March 4, 2006
What Guest Workers Want -- Temp Jobs
President Bush used to talk about the need for a guest-worker program
"to fill jobs Americans will not take." But in his last
State of the Union address, Bush called for "a rational, humane
guest-worker program that rejects amnesty [and] allows temporary
jobs for people who seek them legally" -- as if most illegal
immigrants want temporary jobs. In that disingenuous spirit, the
Senate is exploring guest-worker proposals -- the latest was introduced
last week by Sen. Arlen Specter, R-Pa. My initial reaction is to
oppose said programs lest they provide yet another incentive for
people to immigrate here illegally.
notion that Americans won't take some jobs is absurd. After all,
Americans will take any job, if it pays enough. There is no such
thing as cheap labor. There are only cheap wages.
hire illegal workers at a cut rate, they pass onto taxpayers the
cost of health care and other government services used by workers
and their families. I can't help but see the business lobby's
support of guest-worker programs as anything but an attempt to
get working people to subsidize cheapskate corporations so they
can sell their products at bargain prices and make bigger profits.
with little education get the shaft twice -- as their wages are
depressed by a glut of unskilled workers.
of the conservative Manhattan Institute takes the other side.
On the phone yesterday, she argued that Americans won't work on
farms or in meat-packing plants. Try to make meatpacking plants
pay higher wages, she added, and owners will respond by moving
operations to another country.
a point, but so does Mark Krikorian, executive director of the
Center for Immigration Studies. "How do you offshore homebuilding?"
Krikorian asked. He added that industries will develop new technologies
to substitute for illegal labor.
are the moral arguments. People who support immigration laws,
like moi, bristle at the notion of rewarding people for breaking
the law, whether they use the a-word -- amnesty -- or not.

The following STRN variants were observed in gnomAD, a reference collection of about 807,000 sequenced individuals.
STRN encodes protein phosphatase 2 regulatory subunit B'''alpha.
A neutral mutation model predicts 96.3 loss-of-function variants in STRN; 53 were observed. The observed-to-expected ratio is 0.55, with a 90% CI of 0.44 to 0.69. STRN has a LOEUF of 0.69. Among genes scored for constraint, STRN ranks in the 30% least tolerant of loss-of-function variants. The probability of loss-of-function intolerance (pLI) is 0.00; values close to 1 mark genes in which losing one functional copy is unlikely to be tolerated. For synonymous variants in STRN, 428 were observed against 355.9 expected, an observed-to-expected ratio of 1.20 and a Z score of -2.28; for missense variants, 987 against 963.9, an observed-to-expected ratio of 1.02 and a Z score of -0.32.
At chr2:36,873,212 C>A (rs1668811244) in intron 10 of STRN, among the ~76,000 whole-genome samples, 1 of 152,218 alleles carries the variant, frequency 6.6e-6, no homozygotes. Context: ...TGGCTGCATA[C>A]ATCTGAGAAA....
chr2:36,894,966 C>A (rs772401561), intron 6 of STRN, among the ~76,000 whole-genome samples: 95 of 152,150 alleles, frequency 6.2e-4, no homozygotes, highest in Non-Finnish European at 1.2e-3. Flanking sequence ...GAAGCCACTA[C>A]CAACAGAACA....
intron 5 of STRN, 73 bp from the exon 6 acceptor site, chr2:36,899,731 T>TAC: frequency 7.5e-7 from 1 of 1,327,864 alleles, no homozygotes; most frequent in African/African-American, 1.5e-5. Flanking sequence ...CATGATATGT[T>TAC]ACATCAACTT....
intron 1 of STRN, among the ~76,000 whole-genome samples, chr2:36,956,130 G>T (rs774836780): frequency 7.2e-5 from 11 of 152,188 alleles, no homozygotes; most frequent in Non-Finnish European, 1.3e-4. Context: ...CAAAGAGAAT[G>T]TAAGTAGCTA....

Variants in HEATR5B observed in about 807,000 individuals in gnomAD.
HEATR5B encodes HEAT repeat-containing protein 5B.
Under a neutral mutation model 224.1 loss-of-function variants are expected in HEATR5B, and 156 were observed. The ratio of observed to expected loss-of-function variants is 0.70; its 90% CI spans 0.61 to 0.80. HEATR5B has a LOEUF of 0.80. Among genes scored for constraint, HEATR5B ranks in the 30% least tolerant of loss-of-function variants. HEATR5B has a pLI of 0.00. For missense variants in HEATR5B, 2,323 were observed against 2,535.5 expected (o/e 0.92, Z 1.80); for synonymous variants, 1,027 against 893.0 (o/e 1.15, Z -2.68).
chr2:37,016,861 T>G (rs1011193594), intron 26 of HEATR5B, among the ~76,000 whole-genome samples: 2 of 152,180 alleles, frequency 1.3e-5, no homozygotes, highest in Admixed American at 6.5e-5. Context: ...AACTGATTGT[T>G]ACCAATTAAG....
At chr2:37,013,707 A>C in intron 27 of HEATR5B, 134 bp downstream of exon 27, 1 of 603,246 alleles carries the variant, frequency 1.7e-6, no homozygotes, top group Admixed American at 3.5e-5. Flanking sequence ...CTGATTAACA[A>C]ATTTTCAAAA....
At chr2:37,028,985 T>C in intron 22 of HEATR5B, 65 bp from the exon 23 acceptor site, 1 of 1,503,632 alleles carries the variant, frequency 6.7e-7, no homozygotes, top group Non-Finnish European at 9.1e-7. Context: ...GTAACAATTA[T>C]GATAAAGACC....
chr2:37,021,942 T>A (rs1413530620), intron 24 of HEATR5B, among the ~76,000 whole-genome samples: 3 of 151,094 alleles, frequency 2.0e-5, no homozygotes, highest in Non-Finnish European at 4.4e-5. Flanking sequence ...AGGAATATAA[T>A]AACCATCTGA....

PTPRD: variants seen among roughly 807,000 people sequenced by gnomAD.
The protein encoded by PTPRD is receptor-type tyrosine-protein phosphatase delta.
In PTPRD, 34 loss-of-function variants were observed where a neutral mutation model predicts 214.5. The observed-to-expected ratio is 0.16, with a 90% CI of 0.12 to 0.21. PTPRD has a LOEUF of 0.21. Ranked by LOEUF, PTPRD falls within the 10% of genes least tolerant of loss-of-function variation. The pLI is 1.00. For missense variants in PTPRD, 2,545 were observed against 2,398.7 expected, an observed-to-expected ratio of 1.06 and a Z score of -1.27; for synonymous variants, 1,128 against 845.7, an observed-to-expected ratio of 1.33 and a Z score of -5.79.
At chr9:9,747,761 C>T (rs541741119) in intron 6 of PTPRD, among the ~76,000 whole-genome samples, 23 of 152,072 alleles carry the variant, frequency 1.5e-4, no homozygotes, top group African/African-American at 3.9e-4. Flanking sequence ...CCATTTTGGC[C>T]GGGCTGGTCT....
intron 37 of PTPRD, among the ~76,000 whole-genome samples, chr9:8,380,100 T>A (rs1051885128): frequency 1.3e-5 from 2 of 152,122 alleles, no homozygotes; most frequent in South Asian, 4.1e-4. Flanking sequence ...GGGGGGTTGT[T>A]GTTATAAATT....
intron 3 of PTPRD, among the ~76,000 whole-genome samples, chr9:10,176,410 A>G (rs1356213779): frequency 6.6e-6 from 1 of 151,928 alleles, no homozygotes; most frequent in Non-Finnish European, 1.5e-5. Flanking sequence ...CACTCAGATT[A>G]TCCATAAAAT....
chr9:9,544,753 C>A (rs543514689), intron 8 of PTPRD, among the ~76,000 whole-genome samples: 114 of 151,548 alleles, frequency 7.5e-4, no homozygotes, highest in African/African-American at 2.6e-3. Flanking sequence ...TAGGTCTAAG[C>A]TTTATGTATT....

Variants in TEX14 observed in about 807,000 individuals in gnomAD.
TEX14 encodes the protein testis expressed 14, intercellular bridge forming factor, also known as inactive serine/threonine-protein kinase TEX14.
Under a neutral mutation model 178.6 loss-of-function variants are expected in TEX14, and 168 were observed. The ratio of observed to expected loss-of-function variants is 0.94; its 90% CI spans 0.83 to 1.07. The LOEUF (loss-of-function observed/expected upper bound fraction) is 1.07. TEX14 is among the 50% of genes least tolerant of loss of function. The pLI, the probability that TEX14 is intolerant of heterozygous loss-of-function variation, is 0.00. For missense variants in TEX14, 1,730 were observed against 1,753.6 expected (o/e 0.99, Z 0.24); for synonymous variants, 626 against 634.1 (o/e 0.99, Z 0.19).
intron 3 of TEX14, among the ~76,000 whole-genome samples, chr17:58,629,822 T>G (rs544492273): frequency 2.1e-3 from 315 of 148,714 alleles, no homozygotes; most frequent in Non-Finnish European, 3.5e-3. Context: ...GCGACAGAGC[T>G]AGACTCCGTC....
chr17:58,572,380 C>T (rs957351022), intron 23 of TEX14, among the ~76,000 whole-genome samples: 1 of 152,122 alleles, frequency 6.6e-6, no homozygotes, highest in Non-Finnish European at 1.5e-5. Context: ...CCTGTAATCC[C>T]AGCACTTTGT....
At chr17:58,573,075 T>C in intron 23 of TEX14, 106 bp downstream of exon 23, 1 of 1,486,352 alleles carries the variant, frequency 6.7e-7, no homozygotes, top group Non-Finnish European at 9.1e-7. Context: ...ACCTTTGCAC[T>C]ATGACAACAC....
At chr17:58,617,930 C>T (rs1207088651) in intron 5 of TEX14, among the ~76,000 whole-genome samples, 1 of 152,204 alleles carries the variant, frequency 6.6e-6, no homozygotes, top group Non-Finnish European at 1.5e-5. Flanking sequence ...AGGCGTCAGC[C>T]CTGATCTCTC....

her moral argument, too. As she sees it, the immigration system
has enabled some 11 million illegal immigrants into this country,
allowed them to work for years, yet denies them citizenship and
legal status. "It's like having 'untouchables,'" Jacoby
noted. "I don't think we want to be that kind of country."
Jacoby's America also will be the kind of country where low-skilled
Americans have to live on even less.
if guest-worker proposals are so moral, why do their authors include
dishonest provisions? For example, the Specter bill purports to
be tough and temporary because it would require that guest workers
leave America after six years.
Ha! I laugh
to that provision because she understands that after six years,
Specter's immigrants won't leave -- they will simply go underground.
such as one by Sen. John McCain, R-Ariz., and Sen. Ted Kennedy,
D-Mass., might work better because they would allow illegal immigrants
already in America to pay $2,000 in fines in return for which
they could apply for permanent residence, and eventually for citizenship.
There would be no need for those workers to go underground.
the demand for new immigrant workers, the McCain-Kennedy bill
would allow some 400,000 people living outside America to apply
for guest-worker status each year.
the problem: The Pew Hispanic Center estimates that the number
of illegal immigrants in America grows by 500,000 each year.
laws that "make it so nobody comes through the back door."
But if the demand for immigrant workers exceeds the McCain-Kennedy
cap, well, you get more "untouchables." If there is
no cap, there can be a flood of unskilled workers, and they'll
be using government services.
to reporters last month, Sen. John McCain said of the 11 million
illegal immigrants in America, "We believe that sending them
back is something that is not only not humane, but not possible."
Rohrabacher, R-Calif., bristled at McCain's words. "I have
never advocated massive deportation," Rohrabacher responded.
"The whole theory is, if you quit giving people benefits
and make it hard for them to find jobs, after that, they themselves
will decide to go home."
I want smart
policies that don't cost America jobs. But it can't be smart to
send another green light to would-be immigrants who already think
it may be worth their while to break U.S. immigration law.
2006 Creators Syndicate